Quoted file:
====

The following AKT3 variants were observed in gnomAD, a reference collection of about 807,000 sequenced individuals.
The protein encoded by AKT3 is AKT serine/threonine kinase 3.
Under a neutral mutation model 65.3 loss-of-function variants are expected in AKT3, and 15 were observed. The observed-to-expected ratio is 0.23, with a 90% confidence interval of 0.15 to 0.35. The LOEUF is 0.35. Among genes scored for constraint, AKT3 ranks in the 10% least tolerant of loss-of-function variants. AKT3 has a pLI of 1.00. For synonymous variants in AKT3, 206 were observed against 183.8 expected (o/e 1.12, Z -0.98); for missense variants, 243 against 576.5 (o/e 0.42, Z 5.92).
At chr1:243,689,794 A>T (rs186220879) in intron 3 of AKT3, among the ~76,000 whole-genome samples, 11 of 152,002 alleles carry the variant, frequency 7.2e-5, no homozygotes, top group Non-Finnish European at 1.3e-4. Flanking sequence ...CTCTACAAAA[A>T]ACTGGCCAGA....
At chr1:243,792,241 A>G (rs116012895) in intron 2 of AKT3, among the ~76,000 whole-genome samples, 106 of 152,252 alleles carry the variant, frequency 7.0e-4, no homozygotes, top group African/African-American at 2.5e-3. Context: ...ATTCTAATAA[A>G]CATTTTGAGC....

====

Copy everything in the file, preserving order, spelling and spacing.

The following AKT3 variants were observed in gnomAD, a reference collection of about 807,000 sequenced individuals.
The protein encoded by AKT3 is AKT serine/threonine kinase 3.
Under a neutral mutation model 65.3 loss-of-function variants are expected in AKT3, and 15 were observed. The observed-to-expected ratio is 0.23, with a 90% confidence interval of 0.15 to 0.35. The LOEUF is 0.35. Among genes scored for constraint, AKT3 ranks in the 10% least tolerant of loss-of-function variants. AKT3 has a pLI of 1.00. For synonymous variants in AKT3, 206 were observed against 183.8 expected (o/e 1.12, Z -0.98); for missense variants, 243 against 576.5 (o/e 0.42, Z 5.92).
At chr1:243,689,794 A>T (rs186220879) in intron 3 of AKT3, among the ~76,000 whole-genome samples, 11 of 152,002 alleles carry the variant, frequency 7.2e-5, no homozygotes, top group Non-Finnish European at 1.3e-4. Flanking sequence ...CTCTACAAAA[A>T]ACTGGCCAGA....
At chr1:243,792,241 A>G (rs116012895) in intron 2 of AKT3, among the ~76,000 whole-genome samples, 106 of 152,252 alleles carry the variant, frequency 7.0e-4, no homozygotes, top group African/African-American at 2.5e-3. Context: ...ATTCTAATAA[A>G]CATTTTGAGC....